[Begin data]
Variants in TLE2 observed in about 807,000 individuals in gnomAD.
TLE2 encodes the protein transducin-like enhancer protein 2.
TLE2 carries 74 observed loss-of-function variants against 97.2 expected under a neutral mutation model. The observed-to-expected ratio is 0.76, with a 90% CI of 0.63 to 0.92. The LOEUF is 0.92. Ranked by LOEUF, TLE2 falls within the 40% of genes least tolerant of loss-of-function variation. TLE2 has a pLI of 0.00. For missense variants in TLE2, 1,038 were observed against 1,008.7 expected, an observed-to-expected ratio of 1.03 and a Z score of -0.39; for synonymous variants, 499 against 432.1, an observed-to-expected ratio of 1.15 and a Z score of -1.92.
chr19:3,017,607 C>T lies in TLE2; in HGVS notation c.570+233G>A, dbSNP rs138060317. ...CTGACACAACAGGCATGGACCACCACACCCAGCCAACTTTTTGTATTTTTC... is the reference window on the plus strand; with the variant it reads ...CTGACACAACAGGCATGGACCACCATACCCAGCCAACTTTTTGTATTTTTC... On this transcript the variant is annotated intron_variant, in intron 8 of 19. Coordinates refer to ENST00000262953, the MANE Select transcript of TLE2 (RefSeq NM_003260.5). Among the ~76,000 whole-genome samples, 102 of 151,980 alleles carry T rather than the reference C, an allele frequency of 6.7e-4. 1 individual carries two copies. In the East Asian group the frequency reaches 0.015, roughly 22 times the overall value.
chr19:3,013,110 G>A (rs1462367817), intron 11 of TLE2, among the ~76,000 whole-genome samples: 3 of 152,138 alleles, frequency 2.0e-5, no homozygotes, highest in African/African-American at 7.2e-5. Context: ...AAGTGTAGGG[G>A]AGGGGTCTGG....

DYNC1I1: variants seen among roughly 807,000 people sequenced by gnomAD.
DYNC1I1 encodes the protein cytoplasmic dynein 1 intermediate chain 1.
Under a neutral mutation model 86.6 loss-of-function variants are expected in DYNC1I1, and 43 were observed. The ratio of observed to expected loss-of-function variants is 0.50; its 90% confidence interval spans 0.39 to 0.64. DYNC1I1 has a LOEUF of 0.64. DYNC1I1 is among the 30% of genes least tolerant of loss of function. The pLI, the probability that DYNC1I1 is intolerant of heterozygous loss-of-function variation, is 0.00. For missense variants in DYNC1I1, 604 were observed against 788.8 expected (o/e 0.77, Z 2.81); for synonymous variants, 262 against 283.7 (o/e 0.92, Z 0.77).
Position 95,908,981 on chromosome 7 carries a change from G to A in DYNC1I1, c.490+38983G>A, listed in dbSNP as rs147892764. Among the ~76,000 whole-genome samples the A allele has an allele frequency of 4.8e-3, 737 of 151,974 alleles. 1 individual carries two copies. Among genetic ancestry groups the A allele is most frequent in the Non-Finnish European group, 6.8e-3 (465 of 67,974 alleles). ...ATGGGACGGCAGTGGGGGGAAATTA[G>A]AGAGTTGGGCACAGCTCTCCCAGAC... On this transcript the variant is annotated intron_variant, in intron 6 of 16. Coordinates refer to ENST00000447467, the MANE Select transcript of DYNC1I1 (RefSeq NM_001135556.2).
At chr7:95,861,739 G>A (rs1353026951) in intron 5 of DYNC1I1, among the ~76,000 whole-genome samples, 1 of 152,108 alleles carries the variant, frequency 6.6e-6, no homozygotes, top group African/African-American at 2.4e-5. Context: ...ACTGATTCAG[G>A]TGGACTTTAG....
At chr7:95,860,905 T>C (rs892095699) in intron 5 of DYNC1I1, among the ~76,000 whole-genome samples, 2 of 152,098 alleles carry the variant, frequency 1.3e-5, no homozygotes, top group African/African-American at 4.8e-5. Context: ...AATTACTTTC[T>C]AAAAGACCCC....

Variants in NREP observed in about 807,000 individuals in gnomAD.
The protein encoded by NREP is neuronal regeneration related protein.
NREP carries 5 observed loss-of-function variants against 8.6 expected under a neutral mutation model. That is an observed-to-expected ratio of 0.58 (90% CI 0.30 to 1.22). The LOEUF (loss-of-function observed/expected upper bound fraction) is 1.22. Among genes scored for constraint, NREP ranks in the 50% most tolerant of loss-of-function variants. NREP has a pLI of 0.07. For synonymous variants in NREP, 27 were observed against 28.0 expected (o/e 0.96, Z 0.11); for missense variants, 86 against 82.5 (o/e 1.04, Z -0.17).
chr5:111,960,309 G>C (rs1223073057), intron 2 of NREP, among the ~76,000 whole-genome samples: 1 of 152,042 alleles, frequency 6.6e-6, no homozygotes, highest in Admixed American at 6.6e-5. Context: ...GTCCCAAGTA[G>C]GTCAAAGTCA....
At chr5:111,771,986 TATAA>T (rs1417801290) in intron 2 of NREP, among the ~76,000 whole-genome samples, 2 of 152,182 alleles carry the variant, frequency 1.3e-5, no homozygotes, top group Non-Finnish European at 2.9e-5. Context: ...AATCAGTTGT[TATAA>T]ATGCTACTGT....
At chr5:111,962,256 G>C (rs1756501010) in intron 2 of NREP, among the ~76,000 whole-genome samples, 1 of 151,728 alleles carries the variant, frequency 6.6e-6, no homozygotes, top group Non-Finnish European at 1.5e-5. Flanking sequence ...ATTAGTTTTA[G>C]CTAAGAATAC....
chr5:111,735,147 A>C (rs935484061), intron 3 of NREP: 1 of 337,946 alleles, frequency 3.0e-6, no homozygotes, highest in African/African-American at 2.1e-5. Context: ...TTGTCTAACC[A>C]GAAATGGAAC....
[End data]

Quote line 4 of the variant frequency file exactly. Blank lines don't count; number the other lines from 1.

chr19:3,017,607 C>T lies in TLE2; in HGVS notation c.570+233G>A, dbSNP rs138060317. ...CTGACACAACAGGCATGGACCACCACACCCAGCCAACTTTTTGTATTTTTC... is the reference window on the plus strand; with the variant it reads ...CTGACACAACAGGCATGGACCACCATACCCAGCCAACTTTTTGTATTTTTC... On this transcript the variant is annotated intron_variant, in intron 8 of 19. Coordinates refer to ENST00000262953, the MANE Select transcript of TLE2 (RefSeq NM_003260.5). Among the ~76,000 whole-genome samples, 102 of 151,980 alleles carry T rather than the reference C, an allele frequency of 6.7e-4. 1 individual carries two copies. In the East Asian group the frequency reaches 0.015, roughly 22 times the overall value.